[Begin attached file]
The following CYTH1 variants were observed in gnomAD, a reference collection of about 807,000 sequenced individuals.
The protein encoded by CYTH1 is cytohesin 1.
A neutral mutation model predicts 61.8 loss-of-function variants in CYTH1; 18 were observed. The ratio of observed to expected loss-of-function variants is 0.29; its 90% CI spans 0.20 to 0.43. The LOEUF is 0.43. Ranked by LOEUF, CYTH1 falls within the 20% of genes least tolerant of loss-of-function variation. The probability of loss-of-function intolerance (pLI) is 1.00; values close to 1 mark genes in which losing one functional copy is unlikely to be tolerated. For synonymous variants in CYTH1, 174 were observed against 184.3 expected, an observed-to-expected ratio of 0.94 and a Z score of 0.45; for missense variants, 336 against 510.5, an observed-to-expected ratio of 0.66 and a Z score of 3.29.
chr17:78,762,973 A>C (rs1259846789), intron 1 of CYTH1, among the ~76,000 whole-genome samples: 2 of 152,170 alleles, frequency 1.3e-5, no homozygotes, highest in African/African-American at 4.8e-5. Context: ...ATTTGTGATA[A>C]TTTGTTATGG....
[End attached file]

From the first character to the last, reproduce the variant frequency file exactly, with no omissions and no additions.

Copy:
The following CYTH1 variants were observed in gnomAD, a reference collection of about 807,000 sequenced individuals.
The protein encoded by CYTH1 is cytohesin 1.
A neutral mutation model predicts 61.8 loss-of-function variants in CYTH1; 18 were observed. The ratio of observed to expected loss-of-function variants is 0.29; its 90% CI spans 0.20 to 0.43. The LOEUF is 0.43. Ranked by LOEUF, CYTH1 falls within the 20% of genes least tolerant of loss-of-function variation. The probability of loss-of-function intolerance (pLI) is 1.00; values close to 1 mark genes in which losing one functional copy is unlikely to be tolerated. For synonymous variants in CYTH1, 174 were observed against 184.3 expected, an observed-to-expected ratio of 0.94 and a Z score of 0.45; for missense variants, 336 against 510.5, an observed-to-expected ratio of 0.66 and a Z score of 3.29.
chr17:78,762,973 A>C (rs1259846789), intron 1 of CYTH1, among the ~76,000 whole-genome samples: 2 of 152,170 alleles, frequency 1.3e-5, no homozygotes, highest in African/African-American at 4.8e-5. Context: ...ATTTGTGATA[A>C]TTTGTTATGG....